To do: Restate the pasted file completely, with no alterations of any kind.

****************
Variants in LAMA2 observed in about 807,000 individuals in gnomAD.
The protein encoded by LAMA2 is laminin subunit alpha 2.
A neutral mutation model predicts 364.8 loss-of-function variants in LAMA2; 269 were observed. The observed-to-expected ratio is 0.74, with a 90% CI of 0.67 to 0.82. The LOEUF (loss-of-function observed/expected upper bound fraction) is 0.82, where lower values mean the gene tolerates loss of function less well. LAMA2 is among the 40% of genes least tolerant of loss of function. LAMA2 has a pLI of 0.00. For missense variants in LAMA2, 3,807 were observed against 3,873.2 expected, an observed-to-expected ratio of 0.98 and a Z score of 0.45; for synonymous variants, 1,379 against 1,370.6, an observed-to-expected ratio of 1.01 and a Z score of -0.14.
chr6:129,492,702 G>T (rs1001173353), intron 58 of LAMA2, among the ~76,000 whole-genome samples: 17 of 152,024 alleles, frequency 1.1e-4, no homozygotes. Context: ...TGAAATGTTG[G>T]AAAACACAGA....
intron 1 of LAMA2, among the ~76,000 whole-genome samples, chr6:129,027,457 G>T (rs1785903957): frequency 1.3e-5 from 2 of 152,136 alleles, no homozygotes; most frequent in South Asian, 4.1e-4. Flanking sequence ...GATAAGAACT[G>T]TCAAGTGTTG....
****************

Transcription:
Variants in LAMA2 observed in about 807,000 individuals in gnomAD.
The protein encoded by LAMA2 is laminin subunit alpha 2.
A neutral mutation model predicts 364.8 loss-of-function variants in LAMA2; 269 were observed. The observed-to-expected ratio is 0.74, with a 90% CI of 0.67 to 0.82. The LOEUF (loss-of-function observed/expected upper bound fraction) is 0.82, where lower values mean the gene tolerates loss of function less well. LAMA2 is among the 40% of genes least tolerant of loss of function. LAMA2 has a pLI of 0.00. For missense variants in LAMA2, 3,807 were observed against 3,873.2 expected, an observed-to-expected ratio of 0.98 and a Z score of 0.45; for synonymous variants, 1,379 against 1,370.6, an observed-to-expected ratio of 1.01 and a Z score of -0.14.
chr6:129,492,702 G>T (rs1001173353), intron 58 of LAMA2, among the ~76,000 whole-genome samples: 17 of 152,024 alleles, frequency 1.1e-4, no homozygotes. Context: ...TGAAATGTTG[G>T]AAAACACAGA....
intron 1 of LAMA2, among the ~76,000 whole-genome samples, chr6:129,027,457 G>T (rs1785903957): frequency 1.3e-5 from 2 of 152,136 alleles, no homozygotes; most frequent in South Asian, 4.1e-4. Flanking sequence ...GATAAGAACT[G>T]TCAAGTGTTG....